Back in December of 1997, NASA’s Galileo probe made a close pass over Jupiter’s moon Europa. A new study done on the data collected from the Galileo probe suggests that the craft was probably hit with plumes of water coming from the moon’s surface.
The geysers of water vapor emitted from Europa were probably hundreds of miles high, and they could have profound implications for the search for life on Europa.
Mysterious Data From Galileo
As Galileo made a close pass over the surface of Europa, dipping below an altitude of 400 kilometers (250 miles), its sensors suddenly emitted strange signals that NASA scientists weren’t able to explain. Galileo’s instruments had detected a sudden and dramatic increase in the density of plasma that the craft was flying through. Margaret Kivelson, one of the lead scientists on the Galileo mission, said that until recently they never understood the anomalous features detected in the December 1997 reconnaissance of Europa.
Almost a decade later, in 2016, the Hubble space telescope sent back images that appeared to show plumes of water coming off of Europa’s surface. The Hubble images offered some evidence of a plume of water, but the grainy images weren’t convincing enough to say that a plume definitely existed.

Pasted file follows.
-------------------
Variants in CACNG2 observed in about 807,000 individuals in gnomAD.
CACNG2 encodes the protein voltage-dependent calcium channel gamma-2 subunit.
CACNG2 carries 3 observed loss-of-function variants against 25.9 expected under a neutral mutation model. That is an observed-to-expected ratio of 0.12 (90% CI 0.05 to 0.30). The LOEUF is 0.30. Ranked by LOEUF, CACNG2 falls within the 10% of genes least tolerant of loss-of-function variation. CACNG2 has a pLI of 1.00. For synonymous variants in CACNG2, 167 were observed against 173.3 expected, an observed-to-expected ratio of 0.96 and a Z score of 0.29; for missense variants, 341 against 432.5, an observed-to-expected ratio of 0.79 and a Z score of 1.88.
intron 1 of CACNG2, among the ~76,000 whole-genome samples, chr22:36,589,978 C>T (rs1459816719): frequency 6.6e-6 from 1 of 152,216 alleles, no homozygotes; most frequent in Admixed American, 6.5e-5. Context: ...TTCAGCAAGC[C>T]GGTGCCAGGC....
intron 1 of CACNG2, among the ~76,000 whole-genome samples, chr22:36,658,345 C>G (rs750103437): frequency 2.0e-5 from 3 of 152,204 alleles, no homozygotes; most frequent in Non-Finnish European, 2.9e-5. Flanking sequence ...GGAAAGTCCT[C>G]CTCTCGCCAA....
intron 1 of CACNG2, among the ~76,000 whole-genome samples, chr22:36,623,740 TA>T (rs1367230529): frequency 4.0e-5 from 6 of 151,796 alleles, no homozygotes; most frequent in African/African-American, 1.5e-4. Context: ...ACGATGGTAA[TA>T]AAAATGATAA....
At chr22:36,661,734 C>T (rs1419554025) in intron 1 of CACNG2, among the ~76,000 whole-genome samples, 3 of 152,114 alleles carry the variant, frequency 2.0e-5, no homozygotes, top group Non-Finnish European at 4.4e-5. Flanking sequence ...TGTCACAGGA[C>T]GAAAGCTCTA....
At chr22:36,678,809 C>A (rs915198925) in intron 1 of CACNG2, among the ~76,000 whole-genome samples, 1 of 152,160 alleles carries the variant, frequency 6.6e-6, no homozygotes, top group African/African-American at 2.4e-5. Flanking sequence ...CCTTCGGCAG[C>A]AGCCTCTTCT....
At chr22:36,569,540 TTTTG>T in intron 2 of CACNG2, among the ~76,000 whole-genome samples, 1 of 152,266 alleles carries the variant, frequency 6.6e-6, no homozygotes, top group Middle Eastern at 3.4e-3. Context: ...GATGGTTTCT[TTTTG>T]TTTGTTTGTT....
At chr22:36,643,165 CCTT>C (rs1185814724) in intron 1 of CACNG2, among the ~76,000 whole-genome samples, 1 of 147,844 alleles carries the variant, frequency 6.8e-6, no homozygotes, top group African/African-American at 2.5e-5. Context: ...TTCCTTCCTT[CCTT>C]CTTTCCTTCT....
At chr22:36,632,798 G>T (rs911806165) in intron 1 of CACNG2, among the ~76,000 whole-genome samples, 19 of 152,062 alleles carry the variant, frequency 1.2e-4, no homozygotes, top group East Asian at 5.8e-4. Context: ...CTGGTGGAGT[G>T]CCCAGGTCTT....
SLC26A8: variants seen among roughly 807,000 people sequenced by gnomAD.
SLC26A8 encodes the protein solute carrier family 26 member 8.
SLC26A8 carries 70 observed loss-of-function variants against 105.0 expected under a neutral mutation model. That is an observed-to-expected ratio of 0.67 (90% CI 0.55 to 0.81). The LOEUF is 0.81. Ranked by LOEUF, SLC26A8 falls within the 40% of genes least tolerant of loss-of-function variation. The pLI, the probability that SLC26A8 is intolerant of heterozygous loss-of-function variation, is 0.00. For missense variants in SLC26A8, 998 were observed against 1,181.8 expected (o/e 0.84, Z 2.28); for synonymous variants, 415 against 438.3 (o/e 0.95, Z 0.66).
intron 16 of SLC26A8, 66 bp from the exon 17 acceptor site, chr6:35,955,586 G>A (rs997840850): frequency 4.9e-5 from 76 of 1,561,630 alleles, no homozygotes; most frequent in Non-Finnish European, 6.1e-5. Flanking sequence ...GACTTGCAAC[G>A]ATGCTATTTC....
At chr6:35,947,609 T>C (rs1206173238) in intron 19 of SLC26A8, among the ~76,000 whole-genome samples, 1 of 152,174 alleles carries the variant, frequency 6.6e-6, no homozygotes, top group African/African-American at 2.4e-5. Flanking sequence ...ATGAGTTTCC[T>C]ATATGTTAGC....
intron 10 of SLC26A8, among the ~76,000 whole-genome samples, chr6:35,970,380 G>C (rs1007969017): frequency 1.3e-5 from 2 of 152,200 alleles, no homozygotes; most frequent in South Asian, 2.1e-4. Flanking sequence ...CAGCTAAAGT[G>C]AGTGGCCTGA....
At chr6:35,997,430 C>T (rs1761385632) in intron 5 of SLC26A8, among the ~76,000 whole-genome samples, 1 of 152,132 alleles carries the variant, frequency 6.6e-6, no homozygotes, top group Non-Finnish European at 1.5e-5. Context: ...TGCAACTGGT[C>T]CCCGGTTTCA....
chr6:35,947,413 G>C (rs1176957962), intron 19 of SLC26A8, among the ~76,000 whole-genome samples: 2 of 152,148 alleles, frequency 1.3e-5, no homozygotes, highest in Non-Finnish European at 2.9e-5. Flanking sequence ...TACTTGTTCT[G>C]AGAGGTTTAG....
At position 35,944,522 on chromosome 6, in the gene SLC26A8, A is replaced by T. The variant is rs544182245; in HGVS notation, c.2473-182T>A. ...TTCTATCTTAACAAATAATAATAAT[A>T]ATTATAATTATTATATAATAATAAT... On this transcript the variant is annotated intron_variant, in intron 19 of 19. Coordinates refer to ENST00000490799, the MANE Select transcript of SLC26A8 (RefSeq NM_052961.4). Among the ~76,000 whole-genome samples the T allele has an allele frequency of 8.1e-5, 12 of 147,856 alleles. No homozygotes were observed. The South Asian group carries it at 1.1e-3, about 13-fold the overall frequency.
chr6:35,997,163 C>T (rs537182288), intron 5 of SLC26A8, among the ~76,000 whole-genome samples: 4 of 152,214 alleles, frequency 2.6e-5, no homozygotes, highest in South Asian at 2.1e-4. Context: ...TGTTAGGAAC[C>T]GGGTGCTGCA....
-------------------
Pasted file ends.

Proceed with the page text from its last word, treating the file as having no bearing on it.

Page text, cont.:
NASA researchers then went back to the original Galileo observations. They found that the probe being hit with a sudden jet of water would explain the strange signals. According to Kivelson, a closer analysis of the data revealed that the signals picked up by Galileo were “just what you’d expect if we’d flown through a plume.”
Why would flying through a plume of water result in the detection of higher levels of plasma, or ionized gas? When the jets of water leave Europa’s surface, the water molecules are hit with high-energy particles which violently react with them and transform them into charged ions. These charged ions are responsible for the dramatic fluctuations in the magnetic field direction and in the plasma density above the geyser.
The Presence Of Geysers On Europa
If the geysers detected by Galileo are common on the moon’s surface, it means that currently planned NASA and ESA (European Space Agency) missions could potentially fly through the geysers and monitor the jets for signs of life. Water is one of the precursors for life, at least on this planet, and scientists have long thought that Europa, which is home to a vast ocean underneath the icy surface of the moon, is one of the prime areas to investigate in our attempt to find alien life.
The evidence for geysers became stronger when Xianzhe Jia, space and computer scientist at the University of Michigan, created a series of computer simulations which found that massive geysers erupting out of a warm patch on Europa’s surface would lead to the same readings. Jia says that the detection of water plumes would make future exploration of Europa even more attractive.